Depending on who you ask, there were a few points where you could say “The Walking Dead” started shambling downhill. But most will agree that the finale of season 6 was a big mistake. The finale builds towards the confrontation with the vicious Negan. After he makes a show of randomly choosing who he’ll take out, he slays one of the group before it cuts to black. But the first person point-of-view made it impossible to tell who got the bat. Fans felt incredibly put off by being forced to wait for months to see who fell. To add insult to injury, Glenn had already received a fake-out death earlier in season 6. Making death into a big stunt felt cheap.

#3: The Mother Dies

“How I Met Your Mother” (2005-14)

Although the entirety of this sitcom’s final season raised a few eyebrows because it’s mostly set over a few days, the show’s last episode got them really upset. After getting to know and come to love the titular mother Tracy at last, fans got their hearts broken. We see Ted finally meet her before his ever-present narration reveals that she later died of an unspecified illness. This bad turn was then followed by a “reveal” that Ted still has feelings for Robin. Since the show sank a season into tracking her wedding with Barney, it also feels like her time was wasted. Ruining the entire premise of your show and character development is impressively bad.

#2: Literal Cork

“Lost” (2004-10)

This complex and mystical mystery-focused show was divisive and much discussed throughout its run. But the undebatable final straw for many occurred in its finale. An earlier episode in the final season had the mysterious island’s immortal protector Jacob introduce a clever metaphor. He describes the location as being like a cork preventing evil from spreading to the rest of the world. Unfortunately, it wasn’t just a turn of phrase. Fans couldn’t help but facepalm when the glowing source of the island’s magical powers revealed in the final episode had a literal cork in it! Although we’re all for striking imagery, even the show’s diehard fans had to admit that this turn was a little too on the nose.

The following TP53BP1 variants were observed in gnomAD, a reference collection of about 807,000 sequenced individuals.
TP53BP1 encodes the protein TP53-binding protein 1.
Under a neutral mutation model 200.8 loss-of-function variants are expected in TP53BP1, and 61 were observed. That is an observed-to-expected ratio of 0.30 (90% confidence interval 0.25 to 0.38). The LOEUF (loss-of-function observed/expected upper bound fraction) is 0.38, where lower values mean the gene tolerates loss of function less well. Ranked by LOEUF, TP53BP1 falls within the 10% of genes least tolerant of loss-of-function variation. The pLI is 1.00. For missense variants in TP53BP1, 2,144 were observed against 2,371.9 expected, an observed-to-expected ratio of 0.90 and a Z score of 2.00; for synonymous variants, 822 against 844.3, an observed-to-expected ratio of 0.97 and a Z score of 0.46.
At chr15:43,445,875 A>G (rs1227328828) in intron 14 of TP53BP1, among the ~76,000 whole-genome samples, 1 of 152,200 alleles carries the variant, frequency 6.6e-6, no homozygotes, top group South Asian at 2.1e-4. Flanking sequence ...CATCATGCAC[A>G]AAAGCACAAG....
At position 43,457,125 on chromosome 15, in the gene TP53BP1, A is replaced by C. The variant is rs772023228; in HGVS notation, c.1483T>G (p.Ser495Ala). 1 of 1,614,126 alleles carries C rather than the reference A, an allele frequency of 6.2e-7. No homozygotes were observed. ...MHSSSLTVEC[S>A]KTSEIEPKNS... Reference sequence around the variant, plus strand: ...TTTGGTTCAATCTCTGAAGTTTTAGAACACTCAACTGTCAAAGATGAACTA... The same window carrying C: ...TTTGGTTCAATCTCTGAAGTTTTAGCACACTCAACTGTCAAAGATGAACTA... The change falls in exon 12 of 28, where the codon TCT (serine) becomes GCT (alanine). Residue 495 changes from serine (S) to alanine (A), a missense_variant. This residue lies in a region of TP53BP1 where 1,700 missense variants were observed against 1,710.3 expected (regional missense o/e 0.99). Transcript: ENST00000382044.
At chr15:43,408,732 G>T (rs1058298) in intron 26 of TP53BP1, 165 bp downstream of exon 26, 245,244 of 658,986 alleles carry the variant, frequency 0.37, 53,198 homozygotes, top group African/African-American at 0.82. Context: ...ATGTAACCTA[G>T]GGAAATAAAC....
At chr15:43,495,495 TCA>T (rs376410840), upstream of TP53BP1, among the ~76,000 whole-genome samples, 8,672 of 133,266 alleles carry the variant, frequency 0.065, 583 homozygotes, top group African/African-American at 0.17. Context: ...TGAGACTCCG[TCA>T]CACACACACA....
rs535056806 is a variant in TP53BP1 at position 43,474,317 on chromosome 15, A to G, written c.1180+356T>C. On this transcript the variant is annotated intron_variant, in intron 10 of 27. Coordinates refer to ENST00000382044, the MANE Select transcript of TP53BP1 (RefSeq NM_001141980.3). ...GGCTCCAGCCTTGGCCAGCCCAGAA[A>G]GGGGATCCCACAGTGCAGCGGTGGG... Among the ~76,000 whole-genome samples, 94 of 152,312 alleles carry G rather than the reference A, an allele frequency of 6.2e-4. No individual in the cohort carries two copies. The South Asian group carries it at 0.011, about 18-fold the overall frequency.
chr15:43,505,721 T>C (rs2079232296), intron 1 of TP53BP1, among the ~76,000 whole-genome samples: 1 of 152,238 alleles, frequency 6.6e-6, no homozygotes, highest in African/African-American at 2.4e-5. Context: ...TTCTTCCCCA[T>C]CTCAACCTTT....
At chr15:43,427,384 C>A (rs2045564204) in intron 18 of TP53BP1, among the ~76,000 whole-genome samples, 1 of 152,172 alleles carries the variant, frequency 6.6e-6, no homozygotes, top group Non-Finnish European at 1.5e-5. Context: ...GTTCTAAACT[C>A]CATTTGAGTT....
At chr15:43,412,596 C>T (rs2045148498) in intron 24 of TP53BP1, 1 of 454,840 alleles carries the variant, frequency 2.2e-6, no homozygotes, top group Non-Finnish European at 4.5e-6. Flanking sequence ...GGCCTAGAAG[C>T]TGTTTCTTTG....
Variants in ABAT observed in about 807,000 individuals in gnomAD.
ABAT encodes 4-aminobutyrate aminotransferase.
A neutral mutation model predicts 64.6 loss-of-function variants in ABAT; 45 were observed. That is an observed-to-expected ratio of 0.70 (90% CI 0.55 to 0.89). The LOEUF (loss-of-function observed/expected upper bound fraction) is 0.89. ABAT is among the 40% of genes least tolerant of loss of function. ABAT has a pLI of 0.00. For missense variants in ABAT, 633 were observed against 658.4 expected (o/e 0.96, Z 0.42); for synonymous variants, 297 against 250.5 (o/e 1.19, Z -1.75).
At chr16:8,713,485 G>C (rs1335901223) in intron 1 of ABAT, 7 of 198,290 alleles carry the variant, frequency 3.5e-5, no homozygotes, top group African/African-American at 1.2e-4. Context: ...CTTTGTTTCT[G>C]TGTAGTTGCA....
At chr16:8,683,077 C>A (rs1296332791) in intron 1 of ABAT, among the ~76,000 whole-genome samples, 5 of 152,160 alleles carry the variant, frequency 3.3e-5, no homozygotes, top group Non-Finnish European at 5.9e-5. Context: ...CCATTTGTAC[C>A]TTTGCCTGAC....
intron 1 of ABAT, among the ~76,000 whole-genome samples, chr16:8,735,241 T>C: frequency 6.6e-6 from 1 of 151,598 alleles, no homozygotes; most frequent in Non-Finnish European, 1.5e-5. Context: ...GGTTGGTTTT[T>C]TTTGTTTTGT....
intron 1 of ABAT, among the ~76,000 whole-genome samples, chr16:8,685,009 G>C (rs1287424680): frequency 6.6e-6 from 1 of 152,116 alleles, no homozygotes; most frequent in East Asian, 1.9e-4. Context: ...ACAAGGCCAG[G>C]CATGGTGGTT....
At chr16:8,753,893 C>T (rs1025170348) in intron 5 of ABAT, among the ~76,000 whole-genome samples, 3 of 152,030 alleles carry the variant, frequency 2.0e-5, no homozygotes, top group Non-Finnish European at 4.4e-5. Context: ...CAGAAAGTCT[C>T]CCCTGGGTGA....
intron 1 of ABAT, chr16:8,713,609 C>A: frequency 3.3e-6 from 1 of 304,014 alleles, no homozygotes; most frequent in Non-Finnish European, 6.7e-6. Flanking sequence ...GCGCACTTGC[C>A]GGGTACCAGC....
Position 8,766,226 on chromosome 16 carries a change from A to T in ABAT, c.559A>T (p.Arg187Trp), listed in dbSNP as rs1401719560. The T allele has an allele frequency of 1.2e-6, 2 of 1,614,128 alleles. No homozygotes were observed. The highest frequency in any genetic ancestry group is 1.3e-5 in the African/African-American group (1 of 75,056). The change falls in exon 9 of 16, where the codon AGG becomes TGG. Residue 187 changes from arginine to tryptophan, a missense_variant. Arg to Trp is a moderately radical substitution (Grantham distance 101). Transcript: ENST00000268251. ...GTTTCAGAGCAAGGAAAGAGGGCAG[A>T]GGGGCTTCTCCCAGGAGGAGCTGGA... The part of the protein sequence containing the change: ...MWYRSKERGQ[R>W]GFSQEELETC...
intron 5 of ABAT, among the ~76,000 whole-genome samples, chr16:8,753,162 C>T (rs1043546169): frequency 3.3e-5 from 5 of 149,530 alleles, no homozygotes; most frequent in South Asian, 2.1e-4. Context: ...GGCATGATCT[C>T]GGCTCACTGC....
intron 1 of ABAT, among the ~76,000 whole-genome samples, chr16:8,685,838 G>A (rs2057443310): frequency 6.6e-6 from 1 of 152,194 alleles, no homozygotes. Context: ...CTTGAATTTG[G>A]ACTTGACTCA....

#1: King Bran

“Game of Thrones” (2011-19)

Season 8 of “Game of Thrones” is largely agreed by most fans as being a step down from the rest of the show. It included Dany’s rash decision to become a Mad Queen and torch King’s Landing. (xref) But her crimes were nearly forgotten when Bran Stark was named as the next king of Westeros. He had spent a bulk of the last few seasons as mostly a passive character that delivered exposition to us and learned about the past because people told him to. And Bran’s powers of foresight turned him into a mostly flat character who spouted assorted facts with tinges of emotion. Having him on the throne was a boring choice. Fans felt like they and Westeros deserved a better story than this.